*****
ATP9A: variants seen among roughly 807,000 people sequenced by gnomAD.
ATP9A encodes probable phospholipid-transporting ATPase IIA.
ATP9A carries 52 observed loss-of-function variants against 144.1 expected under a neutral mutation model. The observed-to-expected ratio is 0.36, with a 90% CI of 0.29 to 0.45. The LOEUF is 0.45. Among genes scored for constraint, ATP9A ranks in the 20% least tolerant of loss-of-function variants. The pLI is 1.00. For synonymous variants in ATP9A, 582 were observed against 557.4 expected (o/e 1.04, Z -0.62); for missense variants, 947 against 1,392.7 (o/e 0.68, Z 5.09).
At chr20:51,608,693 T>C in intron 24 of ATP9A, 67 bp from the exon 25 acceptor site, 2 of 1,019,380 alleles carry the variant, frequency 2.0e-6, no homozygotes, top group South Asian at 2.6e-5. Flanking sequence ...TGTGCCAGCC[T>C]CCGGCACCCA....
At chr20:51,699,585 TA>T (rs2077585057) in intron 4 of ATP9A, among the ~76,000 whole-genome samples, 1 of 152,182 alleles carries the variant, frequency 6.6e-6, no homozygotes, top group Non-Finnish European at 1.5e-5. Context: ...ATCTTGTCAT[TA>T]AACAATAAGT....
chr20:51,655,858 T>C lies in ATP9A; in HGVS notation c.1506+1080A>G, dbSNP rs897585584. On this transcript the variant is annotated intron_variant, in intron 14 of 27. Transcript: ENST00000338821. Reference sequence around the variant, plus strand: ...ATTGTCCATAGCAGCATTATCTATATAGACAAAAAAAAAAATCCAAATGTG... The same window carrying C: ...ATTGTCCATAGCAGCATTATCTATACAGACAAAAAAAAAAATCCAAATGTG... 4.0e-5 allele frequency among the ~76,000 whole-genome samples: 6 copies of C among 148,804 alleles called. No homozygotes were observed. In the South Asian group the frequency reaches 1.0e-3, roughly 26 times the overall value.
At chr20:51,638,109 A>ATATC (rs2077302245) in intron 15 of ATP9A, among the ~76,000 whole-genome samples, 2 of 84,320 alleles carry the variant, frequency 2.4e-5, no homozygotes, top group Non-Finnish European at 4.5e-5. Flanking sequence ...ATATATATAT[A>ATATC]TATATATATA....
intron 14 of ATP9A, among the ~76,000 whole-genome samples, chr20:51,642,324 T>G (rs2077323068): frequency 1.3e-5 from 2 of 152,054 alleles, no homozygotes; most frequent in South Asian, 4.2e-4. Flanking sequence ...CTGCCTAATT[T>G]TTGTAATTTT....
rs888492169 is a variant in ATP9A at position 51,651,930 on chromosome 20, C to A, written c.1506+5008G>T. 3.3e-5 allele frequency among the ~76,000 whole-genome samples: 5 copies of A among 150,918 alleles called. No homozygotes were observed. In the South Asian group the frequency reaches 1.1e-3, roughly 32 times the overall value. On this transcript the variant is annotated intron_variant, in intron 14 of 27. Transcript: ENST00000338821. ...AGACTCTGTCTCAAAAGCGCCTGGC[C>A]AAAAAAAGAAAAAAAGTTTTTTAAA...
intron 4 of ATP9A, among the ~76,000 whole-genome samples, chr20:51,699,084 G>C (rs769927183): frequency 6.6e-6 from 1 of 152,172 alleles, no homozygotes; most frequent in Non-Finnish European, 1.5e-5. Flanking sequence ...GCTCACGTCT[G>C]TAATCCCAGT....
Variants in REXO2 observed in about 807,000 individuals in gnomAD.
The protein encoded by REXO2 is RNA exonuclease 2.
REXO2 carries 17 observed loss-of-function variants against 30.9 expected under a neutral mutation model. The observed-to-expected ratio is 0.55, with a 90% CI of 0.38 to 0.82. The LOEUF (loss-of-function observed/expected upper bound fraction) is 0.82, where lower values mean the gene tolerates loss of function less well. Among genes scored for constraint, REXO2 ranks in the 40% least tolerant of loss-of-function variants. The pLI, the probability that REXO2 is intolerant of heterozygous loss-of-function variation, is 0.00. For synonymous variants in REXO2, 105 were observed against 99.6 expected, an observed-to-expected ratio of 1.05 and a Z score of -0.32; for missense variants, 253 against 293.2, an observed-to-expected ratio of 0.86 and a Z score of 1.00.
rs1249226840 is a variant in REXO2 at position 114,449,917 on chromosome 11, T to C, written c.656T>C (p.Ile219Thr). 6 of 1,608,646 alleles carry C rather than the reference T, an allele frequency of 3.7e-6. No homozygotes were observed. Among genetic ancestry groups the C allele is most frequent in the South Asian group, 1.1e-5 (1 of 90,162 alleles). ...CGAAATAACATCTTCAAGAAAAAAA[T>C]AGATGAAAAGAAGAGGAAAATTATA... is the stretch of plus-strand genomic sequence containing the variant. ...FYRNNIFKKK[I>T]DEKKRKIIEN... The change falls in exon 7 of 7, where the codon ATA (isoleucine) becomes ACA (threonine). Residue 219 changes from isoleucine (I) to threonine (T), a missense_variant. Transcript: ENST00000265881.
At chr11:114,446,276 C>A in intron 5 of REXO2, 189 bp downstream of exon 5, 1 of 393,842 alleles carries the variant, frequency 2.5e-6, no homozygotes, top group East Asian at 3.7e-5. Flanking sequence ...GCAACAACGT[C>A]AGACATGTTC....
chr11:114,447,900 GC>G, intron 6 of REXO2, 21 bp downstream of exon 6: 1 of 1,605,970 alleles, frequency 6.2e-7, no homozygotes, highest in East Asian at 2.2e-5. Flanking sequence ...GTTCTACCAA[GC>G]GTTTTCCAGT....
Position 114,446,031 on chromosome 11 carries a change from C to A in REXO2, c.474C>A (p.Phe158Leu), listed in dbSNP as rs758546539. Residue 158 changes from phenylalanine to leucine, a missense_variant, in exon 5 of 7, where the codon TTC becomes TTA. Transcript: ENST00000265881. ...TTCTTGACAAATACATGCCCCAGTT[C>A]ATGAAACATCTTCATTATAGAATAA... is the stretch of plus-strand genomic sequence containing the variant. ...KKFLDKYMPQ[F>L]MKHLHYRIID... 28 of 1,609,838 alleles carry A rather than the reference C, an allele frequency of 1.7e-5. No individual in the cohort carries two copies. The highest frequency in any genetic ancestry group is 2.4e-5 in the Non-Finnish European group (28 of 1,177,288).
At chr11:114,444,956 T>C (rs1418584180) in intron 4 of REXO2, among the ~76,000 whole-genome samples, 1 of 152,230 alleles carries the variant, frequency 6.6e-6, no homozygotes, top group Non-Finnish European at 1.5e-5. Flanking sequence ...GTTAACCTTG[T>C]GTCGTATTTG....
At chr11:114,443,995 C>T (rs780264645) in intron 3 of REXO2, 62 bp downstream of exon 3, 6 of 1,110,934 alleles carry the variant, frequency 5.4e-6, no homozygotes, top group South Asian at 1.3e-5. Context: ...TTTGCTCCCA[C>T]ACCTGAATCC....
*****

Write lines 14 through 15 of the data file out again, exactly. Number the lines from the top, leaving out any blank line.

rs1249226840 is a variant in REXO2 at position 114,449,917 on chromosome 11, T to C, written c.656T>C (p.Ile219Thr). 6 of 1,608,646 alleles carry C rather than the reference T, an allele frequency of 3.7e-6. No homozygotes were observed. Among genetic ancestry groups the C allele is most frequent in the South Asian group, 1.1e-5 (1 of 90,162 alleles). ...CGAAATAACATCTTCAAGAAAAAAA[T>C]AGATGAAAAGAAGAGGAAAATTATA... is the stretch of plus-strand genomic sequence containing the variant. ...FYRNNIFKKK[I>T]DEKKRKIIEN... The change falls in exon 7 of 7, where the codon ATA (isoleucine) becomes ACA (threonine). Residue 219 changes from isoleucine (I) to threonine (T), a missense_variant. Transcript: ENST00000265881.
At chr11:114,446,276 C>A in intron 5 of REXO2, 189 bp downstream of exon 5, 1 of 393,842 alleles carries the variant, frequency 2.5e-6, no homozygotes, top group East Asian at 3.7e-5. Flanking sequence ...GCAACAACGT[C>A]AGACATGTTC....